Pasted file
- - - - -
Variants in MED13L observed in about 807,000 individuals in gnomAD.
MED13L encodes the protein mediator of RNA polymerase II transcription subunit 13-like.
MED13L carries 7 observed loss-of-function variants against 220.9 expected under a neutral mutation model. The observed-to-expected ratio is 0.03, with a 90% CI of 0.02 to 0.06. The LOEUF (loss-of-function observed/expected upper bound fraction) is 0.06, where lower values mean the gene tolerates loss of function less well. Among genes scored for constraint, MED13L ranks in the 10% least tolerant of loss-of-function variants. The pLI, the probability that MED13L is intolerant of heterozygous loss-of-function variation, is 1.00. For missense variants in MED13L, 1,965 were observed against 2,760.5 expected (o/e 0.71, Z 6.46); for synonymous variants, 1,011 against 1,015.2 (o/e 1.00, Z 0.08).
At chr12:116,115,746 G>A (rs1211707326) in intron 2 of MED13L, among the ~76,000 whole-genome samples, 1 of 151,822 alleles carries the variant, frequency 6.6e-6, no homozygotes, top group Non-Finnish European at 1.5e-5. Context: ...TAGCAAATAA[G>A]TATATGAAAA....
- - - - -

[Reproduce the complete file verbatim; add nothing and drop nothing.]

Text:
Variants in MED13L observed in about 807,000 individuals in gnomAD.
MED13L encodes the protein mediator of RNA polymerase II transcription subunit 13-like.
MED13L carries 7 observed loss-of-function variants against 220.9 expected under a neutral mutation model. The observed-to-expected ratio is 0.03, with a 90% CI of 0.02 to 0.06. The LOEUF (loss-of-function observed/expected upper bound fraction) is 0.06, where lower values mean the gene tolerates loss of function less well. Among genes scored for constraint, MED13L ranks in the 10% least tolerant of loss-of-function variants. The pLI, the probability that MED13L is intolerant of heterozygous loss-of-function variation, is 1.00. For missense variants in MED13L, 1,965 were observed against 2,760.5 expected (o/e 0.71, Z 6.46); for synonymous variants, 1,011 against 1,015.2 (o/e 1.00, Z 0.08).
At chr12:116,115,746 G>A (rs1211707326) in intron 2 of MED13L, among the ~76,000 whole-genome samples, 1 of 151,822 alleles carries the variant, frequency 6.6e-6, no homozygotes, top group Non-Finnish European at 1.5e-5. Context: ...TAGCAAATAA[G>A]TATATGAAAA....